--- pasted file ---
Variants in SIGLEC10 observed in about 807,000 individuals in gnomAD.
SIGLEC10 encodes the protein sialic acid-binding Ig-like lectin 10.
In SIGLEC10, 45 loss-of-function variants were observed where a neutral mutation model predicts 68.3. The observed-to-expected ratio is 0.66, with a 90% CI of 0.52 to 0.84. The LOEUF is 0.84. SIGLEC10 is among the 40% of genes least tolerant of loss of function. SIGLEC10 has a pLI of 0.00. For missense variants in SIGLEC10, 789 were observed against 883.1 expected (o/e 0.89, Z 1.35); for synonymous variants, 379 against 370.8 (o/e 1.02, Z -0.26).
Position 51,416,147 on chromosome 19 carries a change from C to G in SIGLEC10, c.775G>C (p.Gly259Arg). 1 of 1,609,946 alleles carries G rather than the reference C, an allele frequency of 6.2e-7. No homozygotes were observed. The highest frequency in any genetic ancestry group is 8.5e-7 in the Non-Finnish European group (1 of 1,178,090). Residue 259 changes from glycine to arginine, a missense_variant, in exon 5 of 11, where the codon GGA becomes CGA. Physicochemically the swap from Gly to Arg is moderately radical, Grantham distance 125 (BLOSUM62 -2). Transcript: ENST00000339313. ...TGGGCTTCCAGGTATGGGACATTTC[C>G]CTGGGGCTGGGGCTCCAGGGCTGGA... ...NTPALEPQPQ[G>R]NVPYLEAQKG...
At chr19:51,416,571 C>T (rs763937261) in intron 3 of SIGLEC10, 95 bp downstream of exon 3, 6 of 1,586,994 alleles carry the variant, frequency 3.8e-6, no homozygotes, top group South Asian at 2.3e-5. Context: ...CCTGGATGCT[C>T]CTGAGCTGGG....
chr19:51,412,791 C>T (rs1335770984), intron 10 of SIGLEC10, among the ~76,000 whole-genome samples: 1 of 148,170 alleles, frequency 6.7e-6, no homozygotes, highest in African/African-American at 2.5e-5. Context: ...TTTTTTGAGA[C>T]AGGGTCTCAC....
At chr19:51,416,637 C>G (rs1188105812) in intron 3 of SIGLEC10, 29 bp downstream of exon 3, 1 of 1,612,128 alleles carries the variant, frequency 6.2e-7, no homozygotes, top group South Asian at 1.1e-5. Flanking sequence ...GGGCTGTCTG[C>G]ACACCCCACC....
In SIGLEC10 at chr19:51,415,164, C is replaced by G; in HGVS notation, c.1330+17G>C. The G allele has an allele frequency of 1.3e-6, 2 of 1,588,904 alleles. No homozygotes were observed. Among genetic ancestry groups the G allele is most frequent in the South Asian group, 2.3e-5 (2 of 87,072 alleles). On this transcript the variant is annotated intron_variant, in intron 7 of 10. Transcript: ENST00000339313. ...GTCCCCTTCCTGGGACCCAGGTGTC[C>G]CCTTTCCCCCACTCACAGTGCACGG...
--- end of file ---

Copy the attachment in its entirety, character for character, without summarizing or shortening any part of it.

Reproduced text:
Variants in SIGLEC10 observed in about 807,000 individuals in gnomAD.
SIGLEC10 encodes the protein sialic acid-binding Ig-like lectin 10.
In SIGLEC10, 45 loss-of-function variants were observed where a neutral mutation model predicts 68.3. The observed-to-expected ratio is 0.66, with a 90% CI of 0.52 to 0.84. The LOEUF is 0.84. SIGLEC10 is among the 40% of genes least tolerant of loss of function. SIGLEC10 has a pLI of 0.00. For missense variants in SIGLEC10, 789 were observed against 883.1 expected (o/e 0.89, Z 1.35); for synonymous variants, 379 against 370.8 (o/e 1.02, Z -0.26).
Position 51,416,147 on chromosome 19 carries a change from C to G in SIGLEC10, c.775G>C (p.Gly259Arg). 1 of 1,609,946 alleles carries G rather than the reference C, an allele frequency of 6.2e-7. No homozygotes were observed. The highest frequency in any genetic ancestry group is 8.5e-7 in the Non-Finnish European group (1 of 1,178,090). Residue 259 changes from glycine to arginine, a missense_variant, in exon 5 of 11, where the codon GGA becomes CGA. Physicochemically the swap from Gly to Arg is moderately radical, Grantham distance 125 (BLOSUM62 -2). Transcript: ENST00000339313. ...TGGGCTTCCAGGTATGGGACATTTC[C>G]CTGGGGCTGGGGCTCCAGGGCTGGA... ...NTPALEPQPQ[G>R]NVPYLEAQKG...
At chr19:51,416,571 C>T (rs763937261) in intron 3 of SIGLEC10, 95 bp downstream of exon 3, 6 of 1,586,994 alleles carry the variant, frequency 3.8e-6, no homozygotes, top group South Asian at 2.3e-5. Context: ...CCTGGATGCT[C>T]CTGAGCTGGG....
chr19:51,412,791 C>T (rs1335770984), intron 10 of SIGLEC10, among the ~76,000 whole-genome samples: 1 of 148,170 alleles, frequency 6.7e-6, no homozygotes, highest in African/African-American at 2.5e-5. Context: ...TTTTTTGAGA[C>T]AGGGTCTCAC....
At chr19:51,416,637 C>G (rs1188105812) in intron 3 of SIGLEC10, 29 bp downstream of exon 3, 1 of 1,612,128 alleles carries the variant, frequency 6.2e-7, no homozygotes, top group South Asian at 1.1e-5. Flanking sequence ...GGGCTGTCTG[C>G]ACACCCCACC....
In SIGLEC10 at chr19:51,415,164, C is replaced by G; in HGVS notation, c.1330+17G>C. The G allele has an allele frequency of 1.3e-6, 2 of 1,588,904 alleles. No homozygotes were observed. Among genetic ancestry groups the G allele is most frequent in the South Asian group, 2.3e-5 (2 of 87,072 alleles). On this transcript the variant is annotated intron_variant, in intron 7 of 10. Transcript: ENST00000339313. ...GTCCCCTTCCTGGGACCCAGGTGTC[C>G]CCTTTCCCCCACTCACAGTGCACGG...